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Lauren Cook

TV Series Review

They say you can’t teach an old dog new tricks. Turns out that might apply to echidnas as well.

Since coming to Earth (as chronicled in Sonic the Hedgehog 2), Knuckles the Echidna has been pretty busy. He accidentally helped an evil supervillain escape imprisonment, fought Sonic over the powerful Master Emerald, became friends with Sonic, helped defeat the evil supervillain, and swore to defend Earth from evil.

That last part might be easier said than done.

Knuckles is still determined to follow the echidna way and become a legendary warrior, even if that doesn’t necessarily jive with the lifestyle of his new human friends. For instance, to fulfill his mission of bringing honor to his ancestors, Knuckles decides to take on an epic quest: helping Wade Whipple, a down-on-his-luck deputy sheriff, win a bowling competition and reunite with his estranged father.

Maybe not exactly what the elders had in mind, but it’ll do.


As one of the most popular characters from the decades-spanning Sonic the Hedgehog franchise, it’s only natural that the super-strong echidna should get his moment in the spotlight. Knuckles fits Sonic’s 2020 movie and its sequel like a giant white glove, bringing Sonic’s rival-turned-friend to life in this lighthearted, action-packed show. The series blends explosive adventure and road-trip-buddy-comedy into a fun romp for both kids and diehard fans.

If you’re familiar with the Sonic movies, you’ve got a good grasp on what to expect in terms of content here. Action scenes are filled with explosive and colorful combat that never ends in death or gruesome injury—although Knuckles may bit a bit too intent in seeking that combat out. His obsession with vengeance and glory doesn’t come from a place of evil, and it isn’t encouraged by his friends, but it’s still essential to his motivations. His desire to prove himself as a warrior gets him into some fairly sticky situations (attacking innocent construction workers, forcing a terrified mailman to fight the family dog in ritual combat … you know, the usual).

Foul language isn’t necessarily an issue, but there’s definitely some questionable dialogue being thrown around, specifically between children and adults. Wade gets a bit too competitive with his 8-year-old bowling rival, and she has no trouble throwing his insults right back at him. Knuckles also leans towards disrespect in many of his interactions with Maddie, his human mother figure, though he does eventually accept her discipline (with a fair share of grumbling). And there’s a small whiff of spirituality when Knuckles occasionally meditates to commune with his ancestors.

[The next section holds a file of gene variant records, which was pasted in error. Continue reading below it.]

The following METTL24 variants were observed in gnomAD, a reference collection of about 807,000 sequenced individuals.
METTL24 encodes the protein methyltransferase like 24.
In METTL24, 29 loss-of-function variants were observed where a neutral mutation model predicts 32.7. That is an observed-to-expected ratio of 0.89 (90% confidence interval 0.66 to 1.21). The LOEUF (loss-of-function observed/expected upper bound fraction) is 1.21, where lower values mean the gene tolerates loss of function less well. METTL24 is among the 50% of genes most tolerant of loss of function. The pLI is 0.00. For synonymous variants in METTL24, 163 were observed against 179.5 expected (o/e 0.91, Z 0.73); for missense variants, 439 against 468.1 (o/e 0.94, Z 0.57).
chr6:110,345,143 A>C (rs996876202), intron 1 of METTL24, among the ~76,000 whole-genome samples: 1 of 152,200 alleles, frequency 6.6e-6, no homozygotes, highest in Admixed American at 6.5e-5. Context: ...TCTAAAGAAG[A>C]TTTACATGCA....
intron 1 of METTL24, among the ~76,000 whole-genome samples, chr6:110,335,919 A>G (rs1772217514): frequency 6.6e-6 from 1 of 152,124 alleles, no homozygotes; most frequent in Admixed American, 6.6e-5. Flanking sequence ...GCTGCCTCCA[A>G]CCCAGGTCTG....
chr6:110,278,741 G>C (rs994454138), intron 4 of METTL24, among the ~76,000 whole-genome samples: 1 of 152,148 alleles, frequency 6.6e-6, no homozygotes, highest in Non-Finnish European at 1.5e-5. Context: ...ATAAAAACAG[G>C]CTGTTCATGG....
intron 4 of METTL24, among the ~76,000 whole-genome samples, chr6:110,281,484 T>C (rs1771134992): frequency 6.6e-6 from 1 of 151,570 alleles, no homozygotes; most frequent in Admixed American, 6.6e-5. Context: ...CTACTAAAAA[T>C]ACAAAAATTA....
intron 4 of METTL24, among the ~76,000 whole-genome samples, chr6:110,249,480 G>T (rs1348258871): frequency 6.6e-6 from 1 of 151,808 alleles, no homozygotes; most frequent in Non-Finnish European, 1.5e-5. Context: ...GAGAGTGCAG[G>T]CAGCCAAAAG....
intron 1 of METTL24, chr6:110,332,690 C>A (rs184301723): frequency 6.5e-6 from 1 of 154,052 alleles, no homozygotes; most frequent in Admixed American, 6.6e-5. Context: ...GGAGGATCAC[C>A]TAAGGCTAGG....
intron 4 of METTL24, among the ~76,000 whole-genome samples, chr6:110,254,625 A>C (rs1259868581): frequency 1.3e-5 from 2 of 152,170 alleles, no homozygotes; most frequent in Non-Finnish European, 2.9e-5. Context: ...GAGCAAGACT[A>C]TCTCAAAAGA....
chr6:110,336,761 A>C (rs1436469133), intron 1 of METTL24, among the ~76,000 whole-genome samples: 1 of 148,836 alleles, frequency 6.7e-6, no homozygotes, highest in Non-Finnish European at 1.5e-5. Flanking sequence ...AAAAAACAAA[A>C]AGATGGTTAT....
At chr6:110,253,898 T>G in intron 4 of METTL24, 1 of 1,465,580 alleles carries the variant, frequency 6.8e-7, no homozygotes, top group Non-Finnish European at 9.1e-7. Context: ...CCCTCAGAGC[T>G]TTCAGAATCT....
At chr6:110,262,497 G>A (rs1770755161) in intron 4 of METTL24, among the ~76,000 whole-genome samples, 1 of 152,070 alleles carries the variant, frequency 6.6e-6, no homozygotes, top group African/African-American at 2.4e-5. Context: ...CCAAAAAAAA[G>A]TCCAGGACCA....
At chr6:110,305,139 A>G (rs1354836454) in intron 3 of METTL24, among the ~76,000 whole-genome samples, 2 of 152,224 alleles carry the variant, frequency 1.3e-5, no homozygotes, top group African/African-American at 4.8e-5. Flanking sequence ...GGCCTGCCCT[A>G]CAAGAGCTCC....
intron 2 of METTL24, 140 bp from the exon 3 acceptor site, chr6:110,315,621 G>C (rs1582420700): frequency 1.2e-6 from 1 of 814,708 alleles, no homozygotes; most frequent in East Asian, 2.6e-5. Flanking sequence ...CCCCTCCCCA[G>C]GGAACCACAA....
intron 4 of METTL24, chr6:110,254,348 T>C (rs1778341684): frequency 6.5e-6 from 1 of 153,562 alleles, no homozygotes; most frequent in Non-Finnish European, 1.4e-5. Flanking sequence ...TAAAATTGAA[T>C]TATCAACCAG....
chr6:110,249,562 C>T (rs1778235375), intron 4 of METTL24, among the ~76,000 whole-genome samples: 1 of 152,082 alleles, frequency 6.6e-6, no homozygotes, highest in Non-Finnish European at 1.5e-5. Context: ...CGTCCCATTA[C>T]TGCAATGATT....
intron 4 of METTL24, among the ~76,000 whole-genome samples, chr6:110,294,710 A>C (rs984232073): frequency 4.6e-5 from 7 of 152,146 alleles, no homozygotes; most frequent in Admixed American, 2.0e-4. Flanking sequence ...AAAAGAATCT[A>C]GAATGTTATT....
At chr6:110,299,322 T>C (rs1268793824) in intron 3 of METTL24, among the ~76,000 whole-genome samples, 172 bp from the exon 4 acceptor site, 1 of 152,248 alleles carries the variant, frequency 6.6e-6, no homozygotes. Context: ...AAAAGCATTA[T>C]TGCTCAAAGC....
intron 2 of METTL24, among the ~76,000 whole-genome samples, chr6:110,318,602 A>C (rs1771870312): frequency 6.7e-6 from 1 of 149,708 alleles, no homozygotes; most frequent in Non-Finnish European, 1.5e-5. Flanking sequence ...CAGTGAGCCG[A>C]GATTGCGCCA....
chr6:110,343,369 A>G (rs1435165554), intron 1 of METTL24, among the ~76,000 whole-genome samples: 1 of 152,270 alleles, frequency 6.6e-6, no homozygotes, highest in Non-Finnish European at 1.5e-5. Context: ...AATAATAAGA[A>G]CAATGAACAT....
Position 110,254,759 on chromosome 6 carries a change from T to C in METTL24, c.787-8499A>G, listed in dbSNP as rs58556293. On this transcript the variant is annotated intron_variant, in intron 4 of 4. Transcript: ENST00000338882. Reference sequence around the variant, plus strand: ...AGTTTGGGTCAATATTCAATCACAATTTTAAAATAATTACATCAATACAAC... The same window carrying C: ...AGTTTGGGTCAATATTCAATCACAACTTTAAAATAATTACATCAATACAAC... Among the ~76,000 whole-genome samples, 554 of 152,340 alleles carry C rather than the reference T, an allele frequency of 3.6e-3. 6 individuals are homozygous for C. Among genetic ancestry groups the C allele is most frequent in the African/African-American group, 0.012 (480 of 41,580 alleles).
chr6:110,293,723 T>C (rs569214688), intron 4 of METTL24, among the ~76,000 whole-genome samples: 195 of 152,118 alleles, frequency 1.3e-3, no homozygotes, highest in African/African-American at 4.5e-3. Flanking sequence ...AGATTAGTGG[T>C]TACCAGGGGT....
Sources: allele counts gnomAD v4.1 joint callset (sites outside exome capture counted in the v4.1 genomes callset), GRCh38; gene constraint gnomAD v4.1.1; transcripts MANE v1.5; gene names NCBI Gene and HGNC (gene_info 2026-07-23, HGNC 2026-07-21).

Despite some of the eyebrow-raising antics of its central echidna, Knuckles still boasts heartwarming themes of family, friendship, and finding a home in the most unlikely of places. Add in some explosive action and charming banter, and it’s a score both for older kids and for adults with a Sega Genesis gathering dust in the closet.

Episode Reviews

Apr. 26, 2024 – S1, E1: “The Warrior”

Knuckles struggles to adjust to his new life on Earth, and he decides to take on a new protege in the way of the echidna.

A recap showing scenes from Sonic the Hedgehog 2 contains punching and other melee combat. Knuckles ambushes a construction crew, mistakenly thinking that it’s attacking his human family’s house; he drags one man screaming into the bushes, ties another up with cables, and pins another to the wall by throwing a shovel under his arm.

Later, he turns the living room into a gladiatorial arena, and he tries to force a terrified mailman to fight the family’s dog with a baseball bat sporting several nails spiked through it. Maddie, his human surrogate mother, intervenes before the fight breaks out. She also calls Knuckles’ makeshift throne “the Iron Throne,” a reference to Game of Thrones. Knuckles and his new protege Wade are attacked by soldiers in a bowling alley; the soldiers shoot laser beams around the building, causing explosions and fire.

Wade’s bowling rival is an 8-year-old girl named Suzie, though he treats her like any other opponent. Wade’s teammate tells him to “crush that tiny girl’s skull” and to “squash her like a bug.” Suzie openly ridicules Wade, calling him a “freaking loser.”

Knuckles meditates and asks for guidance from his ancestors. He’s visited by the ghost of an echidna chief, who encourages him to pursue his quest.

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Lauren Cook Bio Pic
Lauren Cook

Lauren Cook is serving as a 2021 summer intern for the Parenting and Youth department at Focus on the Family. She is studying film and screenwriting at the University of North Carolina School of the Arts. You can get her talking for hours about anything from Star Wars to her family to how Inception was the best movie of the 2010s. But more than anything, she’s passionate about showing how every form of art in some way reflects the Gospel. Coffee is a close second.

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